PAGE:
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Intermediality and "Art for All" in the Work of Walter Crane

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Title: Intermediality and "Art for All" in the Work of Walter Crane
Author: Cadger, Emily
Department: School of Fine Art and Music
Program: Art History and Visual Culture
Advisor: Smylitopoulos, Christina
Abstract: Walter Crane (1845-1915) was a British artist credited as one of the most influential illustrators of children’s books for his generation. However, he was also responsible for the circulation of many political prints for the socialist movement during the last decades of the nineteenth century. This thesis approaches these two areas of Crane’s work, not as mutually exclusive entities, but as connected parts of the artists “art for all” mentality. I argue that Crane was an intermedial artist whose pragmatic socialism was distinctive from his peers. Through an analysis of Crane’s Queen Summer: or the Tourney of the Lily and the Rose (1891), one of the flower books penned and pictured by the artist, I demonstrate how Crane incorporated his own socialist iconography into the floral fable in order to present a socialist utopia in capitalist commodity.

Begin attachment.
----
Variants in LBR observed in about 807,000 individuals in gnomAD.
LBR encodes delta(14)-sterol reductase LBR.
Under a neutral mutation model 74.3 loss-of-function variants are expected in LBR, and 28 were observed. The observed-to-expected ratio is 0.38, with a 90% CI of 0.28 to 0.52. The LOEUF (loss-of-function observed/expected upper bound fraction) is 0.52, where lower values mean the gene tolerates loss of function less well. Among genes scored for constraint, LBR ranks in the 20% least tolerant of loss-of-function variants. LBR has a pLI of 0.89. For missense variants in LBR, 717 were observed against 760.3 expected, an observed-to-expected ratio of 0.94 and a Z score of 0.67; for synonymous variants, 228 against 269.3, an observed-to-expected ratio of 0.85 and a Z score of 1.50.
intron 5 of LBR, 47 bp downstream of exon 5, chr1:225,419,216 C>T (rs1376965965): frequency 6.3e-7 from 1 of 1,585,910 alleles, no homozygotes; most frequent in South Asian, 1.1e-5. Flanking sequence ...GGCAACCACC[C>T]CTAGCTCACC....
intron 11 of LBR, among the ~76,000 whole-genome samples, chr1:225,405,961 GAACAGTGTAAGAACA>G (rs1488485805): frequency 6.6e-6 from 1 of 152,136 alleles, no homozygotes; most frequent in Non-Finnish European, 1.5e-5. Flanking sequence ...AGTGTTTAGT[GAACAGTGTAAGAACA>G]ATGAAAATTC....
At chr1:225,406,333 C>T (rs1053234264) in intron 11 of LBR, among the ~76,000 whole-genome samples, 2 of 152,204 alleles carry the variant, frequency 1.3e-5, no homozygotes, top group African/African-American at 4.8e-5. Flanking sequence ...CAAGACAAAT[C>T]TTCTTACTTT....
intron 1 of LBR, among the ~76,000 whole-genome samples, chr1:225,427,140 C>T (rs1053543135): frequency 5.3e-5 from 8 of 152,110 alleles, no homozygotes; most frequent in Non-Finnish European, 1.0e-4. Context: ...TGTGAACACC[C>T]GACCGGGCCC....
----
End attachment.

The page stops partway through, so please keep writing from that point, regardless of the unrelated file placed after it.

Date: 2016-12
Rights: Attribution-NonCommercial-NoDerivs 2.5 Canada
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Attribution-NonCommercial-NoDerivs 2.5 Canada Except where otherwise noted, this item's license is described as Attribution-NonCommercial-NoDerivs 2.5 Canada